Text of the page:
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Opinion

Occupy movement adds up

A frequently quoted statistic by those trying to justify the huge disparity in U.S. wealth is that the top 10 percent pays 70 percent of federal income taxes. This is a classic example of a true but meaningless statistic because this situation can happen with all sorts of income and tax rate scenarios. These include some with huge income inequities – and also with flat tax rates currently popular with Republican presidential candidates.

Some really meaningful statistics are: (1) The top income tax bracket rate, 1936 through 1980, was at least 70 percent (90 percent under Republican President Dwight Eisenhower), but now is only 35 percent; (2) chief executive officers made 40 times the average wage of their workers in 1980, compared to 400 times today; (3) after-tax income growth, 1979 to 2007, was 275 percent for the top 1 percent, 65 percent for the next 19 percent, 40 percent for the middle 60 percent, and 18 percent for the bottom 20 percent.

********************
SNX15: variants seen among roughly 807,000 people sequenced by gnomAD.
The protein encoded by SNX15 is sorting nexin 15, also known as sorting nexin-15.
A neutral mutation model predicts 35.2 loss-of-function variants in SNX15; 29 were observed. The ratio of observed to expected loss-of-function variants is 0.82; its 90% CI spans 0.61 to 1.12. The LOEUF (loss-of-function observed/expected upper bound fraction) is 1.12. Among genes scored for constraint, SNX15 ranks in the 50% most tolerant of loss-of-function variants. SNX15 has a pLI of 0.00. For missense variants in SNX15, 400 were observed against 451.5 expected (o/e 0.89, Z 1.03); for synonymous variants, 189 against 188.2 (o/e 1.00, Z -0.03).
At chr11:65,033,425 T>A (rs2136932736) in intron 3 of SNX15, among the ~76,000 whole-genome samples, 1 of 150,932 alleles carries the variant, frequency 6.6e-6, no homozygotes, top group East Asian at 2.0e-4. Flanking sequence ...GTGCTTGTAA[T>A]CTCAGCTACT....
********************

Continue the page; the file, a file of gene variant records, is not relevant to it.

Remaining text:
Shockingly, in 2007 the top 1 percent owned 42 percent of the country’s financial wealth (total net worth minus value of one’s home), compared with only 7 percent for the bottom 80 percent.

Occupy Wall Street is indeed right on!

Norm Luther

Underwood, Wash.


 

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Editorial: Washington state lawmakers scramble to keep public in the dark

State lawmakers want to create a legislative loophole in Washington’s Public Records Act. While it’s nice to see Democrats and Republicans working together for once, it’s just too bad that their agreement is that the public is the enemy. As The Spokesman-Review’s Olympia reporter Jim Camden explained Feb. 22, lawmakers could vote on a bill today responding to a court order that the people of Washington are entitled to review legislative records.